Fresh off a distasteful loss to an in-state rival and with time running out to secure a NCAA Tournament at-large bid, the Tennessee basketball team feasts its eyes upon a struggling opponent firmly nestled in the SEC cellar.

The Vols look to get back in the win column Saturday at 3 p.m. in a home tilt against the South Carolina Gamecocks inside Thompson-Boling Arena.

The Gamecocks (8-14, 1-8 SEC) hold the bottom spot in the conference by a whole two games and have six double-digit losses on the year. But USC's lone SEC win was a 28-point drubbing of Texas A&M, who the Vols lost to at home on Jan. 11.

While Frank Martin's Gamecocks have consistently struggled, Tennessee (14-8, 5-4) has been the epitome of inconsistency, having virtually traded wins and losses in SEC play.

The Vols' only conference win streak — all of two games — was halted Wednesday night in a 64-60 road loss to Vanderbilt, who boasted just seven scholarship players.

Consistency has been an ever-elusive skill that UT has unsuccessfully chased all season, seeming to play its best games when coming off its most underwhelming defeats.

Head coach Cuonzo Martin admitted it's not easy to deal with the team's identity crisis of not knowing what team will show up to play. But he has plenty of faith in his experienced core.

"That part is tough," Martin said after Wednesday's loss, "but you have experienced guys. And the good thing about it is that you can bounce back, learn from it and move forward."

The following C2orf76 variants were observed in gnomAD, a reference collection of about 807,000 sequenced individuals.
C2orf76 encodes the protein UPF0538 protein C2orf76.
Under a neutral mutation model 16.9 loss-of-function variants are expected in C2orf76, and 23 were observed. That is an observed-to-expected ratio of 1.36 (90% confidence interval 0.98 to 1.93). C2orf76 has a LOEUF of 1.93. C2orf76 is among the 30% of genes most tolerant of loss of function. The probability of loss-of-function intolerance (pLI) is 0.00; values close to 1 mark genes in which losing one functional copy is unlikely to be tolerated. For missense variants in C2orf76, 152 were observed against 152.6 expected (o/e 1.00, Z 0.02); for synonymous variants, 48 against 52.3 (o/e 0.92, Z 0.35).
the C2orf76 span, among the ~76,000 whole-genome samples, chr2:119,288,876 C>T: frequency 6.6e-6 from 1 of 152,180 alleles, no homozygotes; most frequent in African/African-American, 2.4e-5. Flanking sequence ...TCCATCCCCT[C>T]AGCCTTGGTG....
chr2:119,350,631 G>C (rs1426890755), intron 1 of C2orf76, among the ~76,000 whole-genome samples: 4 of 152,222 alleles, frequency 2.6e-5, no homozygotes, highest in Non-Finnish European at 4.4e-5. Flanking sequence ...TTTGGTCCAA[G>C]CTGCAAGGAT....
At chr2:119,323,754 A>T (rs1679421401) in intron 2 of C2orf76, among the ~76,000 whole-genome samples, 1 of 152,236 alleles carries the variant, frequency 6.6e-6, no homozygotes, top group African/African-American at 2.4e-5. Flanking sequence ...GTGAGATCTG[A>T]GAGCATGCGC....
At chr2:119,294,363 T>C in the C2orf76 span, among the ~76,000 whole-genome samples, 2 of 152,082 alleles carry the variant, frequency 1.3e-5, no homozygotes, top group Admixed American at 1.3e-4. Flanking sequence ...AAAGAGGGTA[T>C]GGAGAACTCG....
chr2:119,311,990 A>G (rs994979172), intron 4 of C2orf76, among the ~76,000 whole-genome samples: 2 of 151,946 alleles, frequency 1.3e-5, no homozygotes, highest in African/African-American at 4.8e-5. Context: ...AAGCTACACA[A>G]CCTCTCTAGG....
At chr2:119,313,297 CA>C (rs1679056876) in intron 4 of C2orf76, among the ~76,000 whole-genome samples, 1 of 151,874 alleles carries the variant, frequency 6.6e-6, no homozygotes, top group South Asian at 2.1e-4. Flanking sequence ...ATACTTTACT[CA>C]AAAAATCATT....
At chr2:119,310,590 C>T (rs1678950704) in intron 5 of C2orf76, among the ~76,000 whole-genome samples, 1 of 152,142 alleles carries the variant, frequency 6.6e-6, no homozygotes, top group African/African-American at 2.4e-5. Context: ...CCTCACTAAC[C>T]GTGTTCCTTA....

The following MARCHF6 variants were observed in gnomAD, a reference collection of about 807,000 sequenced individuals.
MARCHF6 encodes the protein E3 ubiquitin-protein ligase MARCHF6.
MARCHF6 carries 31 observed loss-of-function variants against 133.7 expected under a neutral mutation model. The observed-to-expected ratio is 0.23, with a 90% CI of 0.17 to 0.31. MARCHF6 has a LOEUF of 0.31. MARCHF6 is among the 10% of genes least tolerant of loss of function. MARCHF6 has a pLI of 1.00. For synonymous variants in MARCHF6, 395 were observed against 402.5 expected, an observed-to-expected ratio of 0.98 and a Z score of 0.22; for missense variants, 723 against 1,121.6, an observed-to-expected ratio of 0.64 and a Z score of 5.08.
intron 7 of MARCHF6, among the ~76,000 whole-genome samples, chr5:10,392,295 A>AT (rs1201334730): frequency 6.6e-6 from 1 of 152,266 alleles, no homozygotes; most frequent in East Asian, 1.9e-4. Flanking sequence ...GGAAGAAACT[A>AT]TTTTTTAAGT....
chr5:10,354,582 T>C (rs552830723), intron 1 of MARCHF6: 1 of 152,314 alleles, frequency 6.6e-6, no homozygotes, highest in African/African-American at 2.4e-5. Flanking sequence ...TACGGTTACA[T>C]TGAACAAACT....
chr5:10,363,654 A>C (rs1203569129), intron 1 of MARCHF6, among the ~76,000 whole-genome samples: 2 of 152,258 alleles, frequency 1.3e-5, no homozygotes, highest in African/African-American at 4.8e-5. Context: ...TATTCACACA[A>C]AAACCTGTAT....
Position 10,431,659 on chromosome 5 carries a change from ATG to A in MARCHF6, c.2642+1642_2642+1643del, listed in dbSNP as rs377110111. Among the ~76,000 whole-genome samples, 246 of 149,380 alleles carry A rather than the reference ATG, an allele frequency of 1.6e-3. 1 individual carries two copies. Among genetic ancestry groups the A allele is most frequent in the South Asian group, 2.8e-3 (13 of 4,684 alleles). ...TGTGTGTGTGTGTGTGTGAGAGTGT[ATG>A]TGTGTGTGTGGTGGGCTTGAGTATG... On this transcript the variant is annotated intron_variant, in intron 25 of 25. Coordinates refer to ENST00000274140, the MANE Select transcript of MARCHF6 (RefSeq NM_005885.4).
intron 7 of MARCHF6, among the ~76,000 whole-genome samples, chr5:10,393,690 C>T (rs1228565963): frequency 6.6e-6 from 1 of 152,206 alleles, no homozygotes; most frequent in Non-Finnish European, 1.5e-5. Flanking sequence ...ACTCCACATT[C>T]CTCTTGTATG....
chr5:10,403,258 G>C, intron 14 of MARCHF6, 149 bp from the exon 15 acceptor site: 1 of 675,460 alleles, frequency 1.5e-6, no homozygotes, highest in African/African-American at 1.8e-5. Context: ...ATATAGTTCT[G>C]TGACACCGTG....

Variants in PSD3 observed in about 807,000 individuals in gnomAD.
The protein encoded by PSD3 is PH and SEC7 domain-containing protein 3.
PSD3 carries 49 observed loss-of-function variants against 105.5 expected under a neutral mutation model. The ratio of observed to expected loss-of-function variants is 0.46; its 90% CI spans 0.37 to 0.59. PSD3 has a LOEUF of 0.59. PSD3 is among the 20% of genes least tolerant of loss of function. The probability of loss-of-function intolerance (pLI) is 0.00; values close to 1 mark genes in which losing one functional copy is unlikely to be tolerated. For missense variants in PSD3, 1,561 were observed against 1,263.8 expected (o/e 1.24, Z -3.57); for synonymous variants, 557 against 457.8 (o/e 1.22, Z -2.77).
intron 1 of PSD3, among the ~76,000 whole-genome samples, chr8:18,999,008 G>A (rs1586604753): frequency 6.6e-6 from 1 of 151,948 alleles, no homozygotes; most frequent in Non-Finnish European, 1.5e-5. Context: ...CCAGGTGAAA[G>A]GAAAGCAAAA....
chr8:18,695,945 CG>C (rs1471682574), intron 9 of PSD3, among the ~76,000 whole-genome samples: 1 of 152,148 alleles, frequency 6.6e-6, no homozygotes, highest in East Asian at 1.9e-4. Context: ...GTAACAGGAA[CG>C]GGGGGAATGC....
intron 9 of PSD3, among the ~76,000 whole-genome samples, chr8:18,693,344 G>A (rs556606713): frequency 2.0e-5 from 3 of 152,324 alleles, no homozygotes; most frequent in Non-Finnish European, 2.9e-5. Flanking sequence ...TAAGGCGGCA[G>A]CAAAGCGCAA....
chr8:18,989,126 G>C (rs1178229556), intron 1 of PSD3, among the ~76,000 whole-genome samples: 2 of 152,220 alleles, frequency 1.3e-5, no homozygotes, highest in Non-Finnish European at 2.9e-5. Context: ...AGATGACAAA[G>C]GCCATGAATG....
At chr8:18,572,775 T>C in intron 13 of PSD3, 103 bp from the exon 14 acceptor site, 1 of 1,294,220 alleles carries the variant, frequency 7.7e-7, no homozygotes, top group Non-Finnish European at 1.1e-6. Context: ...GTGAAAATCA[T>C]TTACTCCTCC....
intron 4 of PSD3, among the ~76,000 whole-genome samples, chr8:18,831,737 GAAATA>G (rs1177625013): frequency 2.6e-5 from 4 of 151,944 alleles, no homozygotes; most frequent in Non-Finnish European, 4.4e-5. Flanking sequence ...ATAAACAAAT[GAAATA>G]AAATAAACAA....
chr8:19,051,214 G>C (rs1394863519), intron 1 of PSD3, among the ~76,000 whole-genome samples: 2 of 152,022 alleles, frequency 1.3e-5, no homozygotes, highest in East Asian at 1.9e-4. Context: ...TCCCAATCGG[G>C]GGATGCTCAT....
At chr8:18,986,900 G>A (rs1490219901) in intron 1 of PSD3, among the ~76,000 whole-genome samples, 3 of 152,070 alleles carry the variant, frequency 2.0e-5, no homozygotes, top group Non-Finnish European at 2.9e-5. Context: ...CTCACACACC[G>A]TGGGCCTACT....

"Tough" was such a fitting word for Tennessee's maddening and mediocre season that Jordan McRae used it himself to describe it, but the senior guard plans to shoulder more of the load as a veteran leader.

"I mean, it's tough for us," McRae said. "But just our older guys on the team, we've got to be strong for everybody and keep going hard in practice every day, and things like that."

The Vols were out-worked on both ends of the floor by an undermanned Vandy squad on Wednesday, and while UT eliminated a 12-point second half deficit, it couldn't completely erase the woeful start that put the Vols in a hole virtually all game.

"It happens," Martin said. "You would like to see your guys play better. They stepped up better in the second half, but we just got off to a slow start and you have to give Vandy credit for that."

To keep the Gamecocks at bay early, UT will have to break its recent trend of allowing huge games to opposing guards. South Carolina freshman guard Sindarius Thornwell has surpassed 20 points in four of his last eight games, and his 6-foot-5 frame could pose issues on the perimeter.

Thornwell is among the many South Carolina players that Martin and his staff are dissecting in preparation for Saturday, as they look to move on from Wednesday's defeat.

"You always look at film and you try to correct it," Martin said. "That's the biggest key — studying and watching film, making sure you're taking care of the ball, getting the shots you need to get, and then going from there."